results are marginally helpful for e.g. IDing birds at a great distance,
    but I'd never call them printable pictures. Lens resolution *way* less than
    sensor resolution.

    I haven't proven this yet, but I suspect you'd get better pics by using a
    high-quality 3X zoom and cropping to 8X on the puter.

    Pete, Feb 4, 2004
  5. per

    jriegle Guest

    A couple points here...

    The 6mp cameras have more sensors per mm than the full frame, higher mp ones
    due to their smaller sensors. For example, the D10 or Rebel has 6mp packed
    on a APS sized sensor. If the size and distance between elements were the
    same and covered the whole area of a 36x24mm 35mm frame, it would equale
    about a 15mp camera. This means the 10D or Rebel requires more resolving
    power from the lens then 11mp or 14mp full frame cameras. An interesting
    side note to this is that our standard SLR lenses would be unnaceptible in
    terms of resoving power if they could be mounted on the compact digitals due
    to the very fine pitch of the sensor elements on those tiny chips.

    I find that my Canon lenses can out resolve my dRebel (except in the corners
    of the image at some apertures). I'm sure the same is true for Nikon.
    However, other optical properties (inadequacies) of the lens seem to be
    brought forth with the digital more than with film. See my test:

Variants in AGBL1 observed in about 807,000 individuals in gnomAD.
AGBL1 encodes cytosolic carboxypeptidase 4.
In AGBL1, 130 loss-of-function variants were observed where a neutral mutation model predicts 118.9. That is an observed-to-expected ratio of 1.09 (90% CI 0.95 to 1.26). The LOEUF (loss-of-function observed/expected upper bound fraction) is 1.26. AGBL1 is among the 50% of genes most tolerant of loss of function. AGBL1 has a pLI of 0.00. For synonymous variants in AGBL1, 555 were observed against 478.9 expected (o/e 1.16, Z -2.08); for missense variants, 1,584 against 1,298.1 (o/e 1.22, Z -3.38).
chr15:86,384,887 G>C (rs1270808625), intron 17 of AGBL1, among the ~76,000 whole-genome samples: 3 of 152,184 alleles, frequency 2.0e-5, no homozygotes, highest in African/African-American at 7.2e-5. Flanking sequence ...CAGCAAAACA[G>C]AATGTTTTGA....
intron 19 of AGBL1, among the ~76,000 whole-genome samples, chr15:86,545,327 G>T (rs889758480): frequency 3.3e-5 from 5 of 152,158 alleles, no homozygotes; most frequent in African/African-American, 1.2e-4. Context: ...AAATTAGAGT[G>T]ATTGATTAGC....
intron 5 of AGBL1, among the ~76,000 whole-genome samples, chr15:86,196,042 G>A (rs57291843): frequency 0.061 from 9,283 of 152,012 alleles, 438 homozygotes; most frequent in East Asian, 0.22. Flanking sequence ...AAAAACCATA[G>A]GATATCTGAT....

Not quite. More like 40 because for every black line there is a white space.
    This is called a cycle or a line pair. No way can this camera resolve 80
    l/mm. The sensor resolution alone (not even considering the filters and
    algorithms) are not high enough for that! Consider the sensor is 36x24mm in
    size and the resolution is 4536x3024. Using the horizontal numbers
    4536/36=126 pixels per mm. or 63 line pairs per mm (considering one strip of
    pixels sees the black line and the adjacent strip sees the white and so on).
    Since Bayer sensors have blending filters and algorithms, your left with
    much less resolving power 30-45 linepairs at best.
    jriegle, Feb 4, 2004
  6. The best quality single focal length lenses can resolve 80-120 lpmm.
    The effective resolution on film is in the range of 40-65 lpmm under
    the usual camera use conditions. Many zooms are worse, of course.
    So for the time being a good camera lens with fine grain film beats
    a digital setup. In many cases digital camera makers blur the images
    slightly to eliminate moire.
    Expect the balance to shift over the next few years..
    Robert Feinman, Feb 4, 2004
  7. per

    Don Stauffer Guest

    Early digicams (so-called VGA, or 640 x 480 pixels) generally had a lens
    clearly superior to that needed for that much resolution. However,
    today as we are getting 3-6 Mp cameras, the lens in most cameras is
    about the same blur circle capability as the pixel size. That is, today
    Don Stauffer, Feb 4, 2004
  8. per

    YoYo Guest

    Did the lenses have any filters on them? uv, haze, skylight??
    YoYo, Feb 4, 2004
  9. per

    KBob Guest

    Yes...but whoever said that the Kodak sensors mentioned use blending
    filters? They don't.
    KBob, Feb 4, 2004